Russia's Catholic minority has welcomed an historic first meeting Friday in Cuba between the Pope and the Patriarch of Russia's dominant Orthodox Church. The Orthodox Church split with Rome in 1054 and analysts say politics, both church and state, have been driving the relationship in the centuries since. VOA's Daniel Schearf reports from Moscow.
    Video

    Video Used Books Get a New Life on the Streets of Lagos

    Used booksellers are importing books from abroad and selling them on the streets of Africa's largest city. What‘s popular with readers may surprise you. Chris Stein reports from Lagos.
    Video

    Video After NH Primaries All Eyes on South Carolina

    After Tuesday's primary in New Hampshire, US presidential candidates swiftly turned to the next election coming up in South Carolina. The so-called “first-in-the-South” poll may help further narrow down the field of candidates. Zlatica Hoke reports.
    Video

    Video US Co-ed Selective Service Plan Stirs Controversy

    Young women may soon be required to register with the U.S. Selective Service System, the U.S. government agency charged with implementing a draft in a national emergency. Top Army and Marine Corps commanders told the Senate Armed Services Committee recently that women should register, and a bill has been introduced in Congress requiring eligible women to sign up for the military draft. The issue is stirring some controversy, as VOA’s Bernard Shusman reports from New York.
    Video

    Video Lessons Learned From Ebola Might Help Fight Zika

    Now that the Ebola epidemic has ended in West Africa, Zika has the world's focus. And, as Carol Pearson reports, health experts and governments are applying some of the lessons learned during the Ebola crisis in Africa to fight the Zika virus in Latin America and the Caribbean.
    Video

    Video Smartphone Helps Grow Vegetables

    One day, you may be using your smartphone to grow your vegetables. A Taipei-based company has developed a farm cube — a small, enclosed ecosystem designed to grow plants indoors. The environment inside is automatically adjusted by the cube, but it can also be controlled through an app. VOA's Deborah Block has more on the gardening system.
    Video

    Video Illinois Voters Have Mixed Emotions on Obama’s Return to Springfield

    On the ninth anniversary of the launch of his quest for national office, President Barack Obama returned to Springfield, Illinois, to speak to the Illinois General Assembly, where he once served as state senator. His visit was met with mixed emotions by those with a front-row seat on his journey to the White House. VOA's Kane Farabaugh reports.
    Video

    Video Exhibit Turns da Vinci’s Drawings Into Real Objects

    In addition to being a successful artist, Renaissance genius Leonardo da Vinci designed many practical machines, some of which are still in use today, although in different forms. But a number of his projects were never realized — until today. VOA’s George Putic reports.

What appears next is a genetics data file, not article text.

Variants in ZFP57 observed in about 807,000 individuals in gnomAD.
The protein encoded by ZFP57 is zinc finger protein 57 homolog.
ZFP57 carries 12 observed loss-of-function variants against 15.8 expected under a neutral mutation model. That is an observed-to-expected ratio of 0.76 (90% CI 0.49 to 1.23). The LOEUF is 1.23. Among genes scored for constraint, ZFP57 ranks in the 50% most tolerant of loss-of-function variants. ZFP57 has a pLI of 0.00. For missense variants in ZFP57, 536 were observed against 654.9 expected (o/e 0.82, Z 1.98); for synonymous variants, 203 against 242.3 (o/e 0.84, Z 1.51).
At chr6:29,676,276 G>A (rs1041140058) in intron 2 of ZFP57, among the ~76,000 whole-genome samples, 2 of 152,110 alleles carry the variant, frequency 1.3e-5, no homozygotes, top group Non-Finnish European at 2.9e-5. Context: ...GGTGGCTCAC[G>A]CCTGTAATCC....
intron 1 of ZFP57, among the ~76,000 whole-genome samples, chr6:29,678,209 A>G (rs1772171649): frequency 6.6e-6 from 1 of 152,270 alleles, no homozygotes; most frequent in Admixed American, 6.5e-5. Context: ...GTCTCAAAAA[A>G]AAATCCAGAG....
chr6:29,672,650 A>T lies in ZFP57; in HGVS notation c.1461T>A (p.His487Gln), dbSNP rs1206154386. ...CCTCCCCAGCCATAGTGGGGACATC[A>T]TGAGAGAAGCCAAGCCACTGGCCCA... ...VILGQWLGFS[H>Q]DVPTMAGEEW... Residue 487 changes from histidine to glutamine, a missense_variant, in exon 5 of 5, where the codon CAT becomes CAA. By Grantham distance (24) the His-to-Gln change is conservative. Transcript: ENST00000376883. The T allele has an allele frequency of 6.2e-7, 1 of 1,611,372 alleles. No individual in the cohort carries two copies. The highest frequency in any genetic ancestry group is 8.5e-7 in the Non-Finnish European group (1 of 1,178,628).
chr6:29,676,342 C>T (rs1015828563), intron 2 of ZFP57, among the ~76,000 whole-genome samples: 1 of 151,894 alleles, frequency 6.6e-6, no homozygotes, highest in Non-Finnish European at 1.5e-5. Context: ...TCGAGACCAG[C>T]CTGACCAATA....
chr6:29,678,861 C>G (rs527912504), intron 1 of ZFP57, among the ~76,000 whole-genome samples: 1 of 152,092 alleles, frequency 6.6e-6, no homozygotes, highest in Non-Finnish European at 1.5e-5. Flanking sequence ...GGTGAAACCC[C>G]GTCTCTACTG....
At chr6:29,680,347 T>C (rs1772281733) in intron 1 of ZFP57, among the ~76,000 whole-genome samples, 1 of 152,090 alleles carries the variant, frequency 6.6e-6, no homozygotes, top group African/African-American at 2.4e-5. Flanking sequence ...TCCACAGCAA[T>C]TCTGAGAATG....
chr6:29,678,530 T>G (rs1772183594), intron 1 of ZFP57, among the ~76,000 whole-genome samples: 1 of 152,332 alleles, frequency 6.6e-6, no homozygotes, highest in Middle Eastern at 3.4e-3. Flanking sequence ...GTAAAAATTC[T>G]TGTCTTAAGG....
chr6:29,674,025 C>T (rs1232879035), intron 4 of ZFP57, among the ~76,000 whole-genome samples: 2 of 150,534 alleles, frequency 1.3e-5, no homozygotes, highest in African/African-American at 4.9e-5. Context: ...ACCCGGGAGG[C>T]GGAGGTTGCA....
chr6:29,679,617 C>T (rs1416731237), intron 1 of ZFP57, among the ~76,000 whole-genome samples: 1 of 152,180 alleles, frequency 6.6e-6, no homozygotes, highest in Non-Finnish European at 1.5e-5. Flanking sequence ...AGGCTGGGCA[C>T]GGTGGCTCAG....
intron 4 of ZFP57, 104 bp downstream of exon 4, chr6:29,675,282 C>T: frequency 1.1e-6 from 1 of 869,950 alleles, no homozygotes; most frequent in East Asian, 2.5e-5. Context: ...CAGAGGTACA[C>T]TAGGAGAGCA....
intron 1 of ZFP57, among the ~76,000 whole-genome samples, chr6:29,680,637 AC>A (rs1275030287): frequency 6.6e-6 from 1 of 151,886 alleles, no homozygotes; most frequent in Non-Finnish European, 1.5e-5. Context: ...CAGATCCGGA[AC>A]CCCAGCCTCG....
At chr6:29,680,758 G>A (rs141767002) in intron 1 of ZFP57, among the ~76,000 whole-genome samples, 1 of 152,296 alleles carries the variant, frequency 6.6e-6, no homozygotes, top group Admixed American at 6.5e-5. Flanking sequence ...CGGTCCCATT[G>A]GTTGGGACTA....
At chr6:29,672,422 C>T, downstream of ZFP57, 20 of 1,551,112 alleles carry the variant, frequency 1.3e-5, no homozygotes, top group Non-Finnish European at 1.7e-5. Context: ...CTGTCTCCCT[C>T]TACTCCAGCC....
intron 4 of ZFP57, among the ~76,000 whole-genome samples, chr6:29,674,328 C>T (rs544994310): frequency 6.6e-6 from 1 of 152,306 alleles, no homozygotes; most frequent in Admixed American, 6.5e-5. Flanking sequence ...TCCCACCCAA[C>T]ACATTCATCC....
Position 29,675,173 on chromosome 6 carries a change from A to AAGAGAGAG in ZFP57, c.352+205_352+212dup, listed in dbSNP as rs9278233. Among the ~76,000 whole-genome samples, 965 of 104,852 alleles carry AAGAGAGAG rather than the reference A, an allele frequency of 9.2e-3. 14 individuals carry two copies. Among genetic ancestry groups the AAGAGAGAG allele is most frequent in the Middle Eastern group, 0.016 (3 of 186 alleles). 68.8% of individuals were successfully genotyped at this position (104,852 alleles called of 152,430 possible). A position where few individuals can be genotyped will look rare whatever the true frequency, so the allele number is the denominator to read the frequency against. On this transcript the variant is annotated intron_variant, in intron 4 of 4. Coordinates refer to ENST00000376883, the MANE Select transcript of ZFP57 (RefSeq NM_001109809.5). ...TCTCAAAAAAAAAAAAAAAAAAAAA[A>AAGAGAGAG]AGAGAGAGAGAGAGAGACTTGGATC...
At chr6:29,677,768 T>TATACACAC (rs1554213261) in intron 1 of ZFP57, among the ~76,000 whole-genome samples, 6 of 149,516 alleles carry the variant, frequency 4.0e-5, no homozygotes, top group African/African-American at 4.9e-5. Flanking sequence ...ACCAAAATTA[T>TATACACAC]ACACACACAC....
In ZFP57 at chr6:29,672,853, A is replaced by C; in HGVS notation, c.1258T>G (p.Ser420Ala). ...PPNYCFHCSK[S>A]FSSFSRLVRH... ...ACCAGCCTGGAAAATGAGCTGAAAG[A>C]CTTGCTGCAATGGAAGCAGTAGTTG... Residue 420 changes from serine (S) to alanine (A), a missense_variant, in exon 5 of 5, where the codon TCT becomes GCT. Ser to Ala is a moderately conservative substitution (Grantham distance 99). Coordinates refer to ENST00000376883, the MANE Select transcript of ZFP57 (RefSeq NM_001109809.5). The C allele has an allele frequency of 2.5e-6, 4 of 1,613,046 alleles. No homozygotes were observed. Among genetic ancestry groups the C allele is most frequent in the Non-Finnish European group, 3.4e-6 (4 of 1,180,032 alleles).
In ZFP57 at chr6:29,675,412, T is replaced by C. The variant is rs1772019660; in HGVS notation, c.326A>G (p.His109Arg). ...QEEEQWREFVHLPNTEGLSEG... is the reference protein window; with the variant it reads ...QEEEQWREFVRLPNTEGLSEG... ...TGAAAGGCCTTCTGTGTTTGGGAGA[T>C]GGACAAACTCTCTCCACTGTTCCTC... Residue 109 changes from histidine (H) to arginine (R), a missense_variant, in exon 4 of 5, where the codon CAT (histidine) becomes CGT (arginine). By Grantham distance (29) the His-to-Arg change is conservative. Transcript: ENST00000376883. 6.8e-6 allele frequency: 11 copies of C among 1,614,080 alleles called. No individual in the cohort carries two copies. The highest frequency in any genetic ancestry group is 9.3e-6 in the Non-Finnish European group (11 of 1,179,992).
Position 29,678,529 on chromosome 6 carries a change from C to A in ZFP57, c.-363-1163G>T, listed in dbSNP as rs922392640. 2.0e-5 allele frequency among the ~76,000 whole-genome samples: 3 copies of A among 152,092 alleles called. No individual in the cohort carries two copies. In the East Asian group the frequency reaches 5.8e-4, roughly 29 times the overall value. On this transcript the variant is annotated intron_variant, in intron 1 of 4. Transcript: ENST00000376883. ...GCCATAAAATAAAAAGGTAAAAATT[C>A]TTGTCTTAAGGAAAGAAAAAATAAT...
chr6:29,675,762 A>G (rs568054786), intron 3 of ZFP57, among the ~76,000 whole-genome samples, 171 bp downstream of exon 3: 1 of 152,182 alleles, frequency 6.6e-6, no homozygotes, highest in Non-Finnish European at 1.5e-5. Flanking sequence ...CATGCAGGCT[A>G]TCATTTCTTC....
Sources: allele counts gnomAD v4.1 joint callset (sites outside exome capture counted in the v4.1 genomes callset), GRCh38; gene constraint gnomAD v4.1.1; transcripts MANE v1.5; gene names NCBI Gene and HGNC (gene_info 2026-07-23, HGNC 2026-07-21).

Video

    Video Heated Immigration Debate Limits Britain’s Refugee Response

    Compared to many other European states, Britain has agreed to accept a relatively small number of Syrian refugees. Just over a thousand have arrived so far -- and some are being resettled in remote corners of the country. Henry Ridgwell reports on why Britain’s response has lagged behind its neighbors.
    Video

    Video Russia's Car Sales Shrink Overall, But Luxury and Economy Models See Growth

    Car sales in Russia dropped by more than a third in 2015 because of the country's economic woes. But, at the extreme ends of the car market, luxury vehicles and some economy brands are actually experiencing growth. VOA's Daniel Schearf reports from Moscow.
    Video

    Video Jordanian Theater Group Stages Anti-Terrorism Message

    The lure of the self-styled “Islamic State” has many parents worried about their children who may be susceptible to the organization’s online propaganda. Dozens of Muslim communities in the Middle East are fighting back -- giving young adults alternatives to violence. One group in Jordan is using dramatic expression a send a family message. Mideast Broadcasting Network correspondent Haider Al Abdali shared this report with VOA. It’s narrated by Bronwyn Benito
    Video

    Video Civil Rights Pioneer Remembers Struggle for Voting Rights

    February is Black History Month in the United States. The annual, month-long national observance pays tribute to important people and events that shaped the history of African Americans. VOA's Chris Simkins reports how one man fought against discrimination to help millions of blacks obtain the right to vote
    Video

    Video Helping the Blind 'See' Great Art

    There are 285 million blind and visually impaired people in the world who are unable to enjoy visual art at a museum. One New York photographer is trying to fix this situation by making tangible copies of the world’s masterpieces. VOA correspondent Victoria Kupchinetsky was there as visually impaired people got a feel for great art. Joy Wagner narrates her report.